Closing in on the end of my first quarter at DePaul University I have been asked to create a thoughtful and reflective portfolio of my work in WRD103: Composition and Rhetoric I. While thumbing through my seemingly endless copies of drafts, editors notes, statements of purpose, finals, etc. it was bizarre to think of the time spent on each word. Sure, I had my help. I cannot help but thank my peer editor’s, teacher, roommates and friends for proof reading my error prone rough drafts. However, these were my thoughts and ideas poured out on the page, and in one case over the speakers, for the public to absorb and I relish in the work I created over this quarter.

In terms of the class assignments that will make up this portfolio I found each one to have its own levels of complexity. Contrary to Mr. Moore’s popular belief that everyone hated the Rhetorical Analysis I found it to be the easiest. However boring it may have been to arrange and write out I found it easier to organize someone else’s direct words than to coordinate my own thoughts. This made the next assigned paper, the advocacy paper, the hardest for me. When I discuss something I am passionate about I find myself on many tangents, so this paper took the most work from me. The multimodal literacy narratives I just simply enjoyed, both creating my own and observing others was entertaining.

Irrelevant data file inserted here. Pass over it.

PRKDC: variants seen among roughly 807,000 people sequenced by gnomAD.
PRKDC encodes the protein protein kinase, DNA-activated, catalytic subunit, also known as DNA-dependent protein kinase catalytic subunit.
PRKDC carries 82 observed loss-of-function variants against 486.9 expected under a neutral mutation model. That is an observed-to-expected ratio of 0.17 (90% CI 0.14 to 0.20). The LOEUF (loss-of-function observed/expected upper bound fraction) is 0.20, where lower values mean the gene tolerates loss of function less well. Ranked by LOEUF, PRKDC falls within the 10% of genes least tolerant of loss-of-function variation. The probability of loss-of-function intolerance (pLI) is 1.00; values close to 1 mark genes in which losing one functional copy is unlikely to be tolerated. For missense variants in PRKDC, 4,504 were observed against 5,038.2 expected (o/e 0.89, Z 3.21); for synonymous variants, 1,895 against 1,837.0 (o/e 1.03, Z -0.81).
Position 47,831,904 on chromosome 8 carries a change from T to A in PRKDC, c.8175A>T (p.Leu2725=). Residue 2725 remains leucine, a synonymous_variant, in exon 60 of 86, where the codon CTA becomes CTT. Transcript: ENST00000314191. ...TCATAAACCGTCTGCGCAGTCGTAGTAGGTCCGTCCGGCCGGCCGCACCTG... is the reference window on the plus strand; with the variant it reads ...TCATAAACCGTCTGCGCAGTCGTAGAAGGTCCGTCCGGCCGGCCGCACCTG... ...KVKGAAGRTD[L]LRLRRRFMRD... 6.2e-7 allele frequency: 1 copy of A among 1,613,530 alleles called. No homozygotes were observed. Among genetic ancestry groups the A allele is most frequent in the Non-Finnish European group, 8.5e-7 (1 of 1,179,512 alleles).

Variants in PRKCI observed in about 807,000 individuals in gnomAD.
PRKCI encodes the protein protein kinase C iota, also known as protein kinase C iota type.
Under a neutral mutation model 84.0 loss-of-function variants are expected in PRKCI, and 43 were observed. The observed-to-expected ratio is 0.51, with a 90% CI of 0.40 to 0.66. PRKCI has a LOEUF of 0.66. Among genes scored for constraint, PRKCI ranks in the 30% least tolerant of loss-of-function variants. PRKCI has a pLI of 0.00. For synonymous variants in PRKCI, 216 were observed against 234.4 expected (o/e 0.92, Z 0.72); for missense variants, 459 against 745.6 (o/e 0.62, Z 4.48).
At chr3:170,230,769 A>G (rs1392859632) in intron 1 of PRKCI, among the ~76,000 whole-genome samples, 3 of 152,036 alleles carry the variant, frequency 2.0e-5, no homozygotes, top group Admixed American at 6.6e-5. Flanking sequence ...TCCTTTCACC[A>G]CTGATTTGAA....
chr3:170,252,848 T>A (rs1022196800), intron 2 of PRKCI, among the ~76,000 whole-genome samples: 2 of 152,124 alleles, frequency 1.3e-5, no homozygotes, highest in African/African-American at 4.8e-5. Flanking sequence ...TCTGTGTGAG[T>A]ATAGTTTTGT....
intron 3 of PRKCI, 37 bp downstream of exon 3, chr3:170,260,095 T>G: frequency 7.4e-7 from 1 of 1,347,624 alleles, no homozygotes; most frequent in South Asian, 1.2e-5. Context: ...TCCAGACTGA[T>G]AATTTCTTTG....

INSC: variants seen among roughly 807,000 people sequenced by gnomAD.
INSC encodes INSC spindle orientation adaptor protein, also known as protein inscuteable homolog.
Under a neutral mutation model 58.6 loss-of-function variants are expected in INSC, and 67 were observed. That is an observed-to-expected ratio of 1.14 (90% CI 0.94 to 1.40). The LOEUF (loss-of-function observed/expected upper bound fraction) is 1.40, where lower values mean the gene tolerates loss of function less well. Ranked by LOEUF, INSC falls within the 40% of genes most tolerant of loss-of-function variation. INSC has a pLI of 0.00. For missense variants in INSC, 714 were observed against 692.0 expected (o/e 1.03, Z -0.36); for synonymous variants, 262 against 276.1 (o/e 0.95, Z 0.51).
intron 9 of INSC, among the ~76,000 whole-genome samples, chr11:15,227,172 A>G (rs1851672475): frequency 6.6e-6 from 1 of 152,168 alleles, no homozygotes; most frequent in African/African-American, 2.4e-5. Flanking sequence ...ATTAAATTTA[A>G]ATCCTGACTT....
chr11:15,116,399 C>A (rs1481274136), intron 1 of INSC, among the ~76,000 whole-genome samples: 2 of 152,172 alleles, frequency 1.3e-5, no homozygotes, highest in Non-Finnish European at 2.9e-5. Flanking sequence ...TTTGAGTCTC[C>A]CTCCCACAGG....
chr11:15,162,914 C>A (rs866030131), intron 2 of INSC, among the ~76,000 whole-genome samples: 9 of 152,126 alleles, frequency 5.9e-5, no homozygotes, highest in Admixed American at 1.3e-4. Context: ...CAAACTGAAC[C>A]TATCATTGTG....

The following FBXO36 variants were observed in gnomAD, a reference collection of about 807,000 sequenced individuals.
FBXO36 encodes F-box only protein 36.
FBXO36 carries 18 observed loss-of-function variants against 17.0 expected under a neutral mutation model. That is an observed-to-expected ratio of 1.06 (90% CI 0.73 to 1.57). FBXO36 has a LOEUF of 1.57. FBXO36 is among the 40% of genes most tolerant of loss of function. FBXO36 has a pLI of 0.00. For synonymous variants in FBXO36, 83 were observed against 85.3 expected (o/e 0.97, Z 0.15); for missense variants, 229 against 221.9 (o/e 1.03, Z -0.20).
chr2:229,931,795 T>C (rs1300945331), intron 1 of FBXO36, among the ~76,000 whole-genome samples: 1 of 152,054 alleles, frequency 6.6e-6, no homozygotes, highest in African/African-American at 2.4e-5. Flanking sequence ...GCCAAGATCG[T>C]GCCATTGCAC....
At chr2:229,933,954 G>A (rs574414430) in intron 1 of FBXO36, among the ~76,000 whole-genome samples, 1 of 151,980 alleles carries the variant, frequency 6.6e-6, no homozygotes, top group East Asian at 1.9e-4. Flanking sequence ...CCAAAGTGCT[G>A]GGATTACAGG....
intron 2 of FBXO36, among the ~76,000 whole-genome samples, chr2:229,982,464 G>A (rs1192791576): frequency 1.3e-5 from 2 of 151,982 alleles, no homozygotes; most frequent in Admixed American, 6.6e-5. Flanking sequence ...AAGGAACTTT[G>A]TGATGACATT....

The aforementioned have been the pillars of my first university-level English class. More in-depth reflection on each project will follow through out my portfolio. The class itself, although in terms of scheduling not my favorite, was a pleasure to be in. Each day was started with conversing on whatever the student’s had on their minds, it was a simple and relaxed way to ease into an composition class. Mr. Moore made ample attempts to relax the students and deinstitutionalize them, even though some were resistant to this new teaching style begging to know “how will this be graded, will there be points for this?”

For Composition and Rhetoric I I find my self somewhat grateful. It taught me some basic genres of writing I had not yet explored. It also sharpened my ability to filter editorial feedback, what was conducive and what could be overlooked.

Hope this portfolio is interesting and represents the hard work throughout the quarter!

Thank you for your time!

Dear Reader,

Tyler Duff